defending democracy: institutions and principles

In the leadup to the anniversary of last year’s January 6 insurrection, a couple of Tweets combine into some interesting questions about the relationship between support for democracy in theory; support for extant institutions of “democratic” governance; and frank policy failures. How should scholars support democracy and to what extent?

Continue reading “defending democracy: institutions and principles”

bill the plumber

Our kitchen faucet sprung a leak so Bill the Plumber came by.  (We joke that we may have to adopt him, he’s been here so often lately with one problem and another.)  He’s a middle-aged white guy.  Chatting after the repair was done, he said “I’ll be so glad when the election is over.”  We kind of made careful noises to each other and I said something like, “I don’t know who you support,” and he said, “I’ll tell you if you want” and I said “OK” and he said “Barack.”  I said me too.  And then we chatted.  He said he thinks McCain is offering no programs, just attacks.  He also said he has a half-Black daughter-in-law and can’t stand racist attacks, spending some time on that theme, saying “of course all of us have some of that” but then going on about how can people go to church and then come home spouting that stuff.  He complained about one customer who spouts vile racist stuff and how he warns the boss that if the guy says that stuff while he’s around, he’s going to go off on him, because this is in the family and it is personal.  Then he said he has a son in the military who has been in Iraq twice, and his son and most of the guys in the military are going to vote for McCain because they are concerned about just pulling the troops out, and he said he and his son have talked about issues and they see each other’s point of view.  He says he tells his son, “I understand what you are saying, but as a parent, I don’t want you sent over there.”  And they agree they are going to vote differently.  He also said he’s obsessively watching television and going crazy, and I told him to stay off the Internet, or he’d never get any sleep.

now this made me mad

I wanted to scan this in myself, but my scanner isn’t working, so here’s the pictures from Daily Kos.  This came to my son, a newly-registered voter.  Note in particular the set up of the outer page where the address occurs, the way the quote is positioned to look like it is coming out of Obama.  Paid for by the Republican Party of Wisconsin it says.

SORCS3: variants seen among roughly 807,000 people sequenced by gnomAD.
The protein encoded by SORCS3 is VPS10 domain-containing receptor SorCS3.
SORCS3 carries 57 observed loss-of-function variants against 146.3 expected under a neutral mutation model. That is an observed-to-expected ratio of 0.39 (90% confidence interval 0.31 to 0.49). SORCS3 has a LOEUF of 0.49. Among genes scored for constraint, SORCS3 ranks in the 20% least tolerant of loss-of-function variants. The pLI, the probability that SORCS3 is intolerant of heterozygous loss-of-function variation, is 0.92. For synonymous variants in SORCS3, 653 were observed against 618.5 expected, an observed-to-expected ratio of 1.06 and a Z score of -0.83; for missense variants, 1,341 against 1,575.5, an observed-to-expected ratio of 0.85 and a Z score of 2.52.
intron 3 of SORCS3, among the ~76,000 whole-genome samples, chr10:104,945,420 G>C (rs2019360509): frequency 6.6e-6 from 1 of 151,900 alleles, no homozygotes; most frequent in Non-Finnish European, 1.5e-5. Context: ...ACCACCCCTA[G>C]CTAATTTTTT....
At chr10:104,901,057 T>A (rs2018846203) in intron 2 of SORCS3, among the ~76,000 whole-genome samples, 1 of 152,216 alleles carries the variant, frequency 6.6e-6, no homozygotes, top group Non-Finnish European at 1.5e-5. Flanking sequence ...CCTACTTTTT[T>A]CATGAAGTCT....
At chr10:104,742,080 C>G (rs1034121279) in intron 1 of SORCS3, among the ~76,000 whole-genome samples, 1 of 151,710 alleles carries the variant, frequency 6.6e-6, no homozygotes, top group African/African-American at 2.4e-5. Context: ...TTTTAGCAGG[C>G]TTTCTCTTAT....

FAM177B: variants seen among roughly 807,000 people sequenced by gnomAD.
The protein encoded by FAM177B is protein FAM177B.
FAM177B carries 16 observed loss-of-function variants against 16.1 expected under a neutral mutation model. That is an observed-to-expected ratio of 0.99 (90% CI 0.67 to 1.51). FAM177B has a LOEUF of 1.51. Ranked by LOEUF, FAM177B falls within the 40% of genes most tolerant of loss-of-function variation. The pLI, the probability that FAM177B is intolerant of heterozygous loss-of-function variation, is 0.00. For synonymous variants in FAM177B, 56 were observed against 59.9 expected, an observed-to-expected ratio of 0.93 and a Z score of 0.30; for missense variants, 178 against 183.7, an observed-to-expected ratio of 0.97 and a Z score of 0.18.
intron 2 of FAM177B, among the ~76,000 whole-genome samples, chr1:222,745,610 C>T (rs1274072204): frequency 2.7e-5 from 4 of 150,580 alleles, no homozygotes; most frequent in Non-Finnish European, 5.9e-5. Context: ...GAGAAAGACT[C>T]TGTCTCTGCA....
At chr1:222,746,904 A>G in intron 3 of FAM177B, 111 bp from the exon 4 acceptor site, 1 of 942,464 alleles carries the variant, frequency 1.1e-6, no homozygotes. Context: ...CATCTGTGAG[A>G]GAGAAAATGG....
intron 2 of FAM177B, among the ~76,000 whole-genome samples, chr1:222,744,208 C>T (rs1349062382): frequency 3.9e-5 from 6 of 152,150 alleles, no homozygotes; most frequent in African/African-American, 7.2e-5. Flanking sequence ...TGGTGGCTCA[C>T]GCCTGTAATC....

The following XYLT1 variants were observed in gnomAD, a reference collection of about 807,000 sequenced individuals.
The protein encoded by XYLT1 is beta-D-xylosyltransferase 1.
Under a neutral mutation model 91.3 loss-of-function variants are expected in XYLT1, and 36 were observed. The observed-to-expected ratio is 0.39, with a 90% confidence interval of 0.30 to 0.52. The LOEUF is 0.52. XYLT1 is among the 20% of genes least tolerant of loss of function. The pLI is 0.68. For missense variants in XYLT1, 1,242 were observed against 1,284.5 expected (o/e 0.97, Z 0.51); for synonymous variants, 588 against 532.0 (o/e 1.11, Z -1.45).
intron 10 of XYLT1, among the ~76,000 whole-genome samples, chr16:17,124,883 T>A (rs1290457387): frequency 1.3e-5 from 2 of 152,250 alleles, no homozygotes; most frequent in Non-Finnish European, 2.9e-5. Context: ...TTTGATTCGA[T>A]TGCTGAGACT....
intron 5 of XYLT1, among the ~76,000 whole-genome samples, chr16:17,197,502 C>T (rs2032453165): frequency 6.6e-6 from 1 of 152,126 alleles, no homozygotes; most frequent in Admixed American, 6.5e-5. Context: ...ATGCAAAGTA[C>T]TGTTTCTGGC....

us and them

I’ve been mulling over writing a post called Me and Barack and God, about why I find Obama’s rhetoric so powerful because I share his religious tradition, as well as working intermittently on a post about talking about race that I can’t bring to conclusion because, I realize, I don’t know what the conclusion is.  But a narrower post about us-them language in the election I think can raise some of the themes I’ve wanted to address.  For the first time I can remember, Republicans are getting mauled in the media for saying that some people are “real Americans” or for questioning the patriotism of people who disagree with them.  They are actually having to back down and apologize, at least when the national news is watching.  I’ve never seen this before.  I think Obama’s refusal to engage in tit-for-tat is why we are seeing this.  In Pennsylvania, where a Democrat referred to white voters in the western part of the state as “racist” and then as “rednecks” when he tried to correct himself, McCain got more of a pass when he called people the “most patriotic part of America” because he was countering an attack on them, and the name-calling seemed more balanced.  My daily “spirituality and peacemaking” email arrived today with this quotation from Henri Nouwen in Peacework: Continue reading “us and them”

i wish obama had said this

Mulling over the debate, here’s what I wish Obama had said about the time McCain was whining about Lewis daring to compare Palin’s rallies to KKK rallies.

Even though your running mate’s rallies are getting out of hand and some white voters are willing to tell television or newspaper reporters straight up that they are going to vote for McCain because they will never vote for a black man, I know you are not a racist.   But that kind of talk is very frightening to many Americans, who want to see a society that pulls together rather than be pulled apart by racial and ethnic conflict.  Senator McCain, you are an honorable man.  I invite you to  take a strong stand against such talk, repudiate these people and tell the American people that you want no part of support based solely on race or people’s names, that you believe in a multi-ethnic America where we get along despite difference, and that you want all Americans to evaluate us on the basis of our stands on issues, not the color of our skin.

What do you think?


Here’s a quick one for you.  I’m back in LA again.  Talking politics a bit with my brother & mother.  My brother drives a package truck and delivers boxes for UPS, his wife is an X-ray tech.   My mother worked as an accounting clerk before she retired; she lives on a cash income in the $20,000-$30,000 range but does fine because she owns her house clear and has low taxes due to prop 13.  My  brother says Obama lost a lot of votes saying that above $150,000 is rich, that the people he delivers to in southern Orange county couldn’t afford their homes if they didn’t make more than that.  He says that if his wife were working full time, they’d make close to that, and my mother chimes in and says “that isn’t that much.”  She asks me, don’t I make more than that?  I say, yes, my husband and I together make more than that, but we vote against our class interests.  I tell them that the median family income in the US is about $45, 000 a year (taking the time to explain the median to my mother).  Well, that may be true elsewhere, they say, but not around here.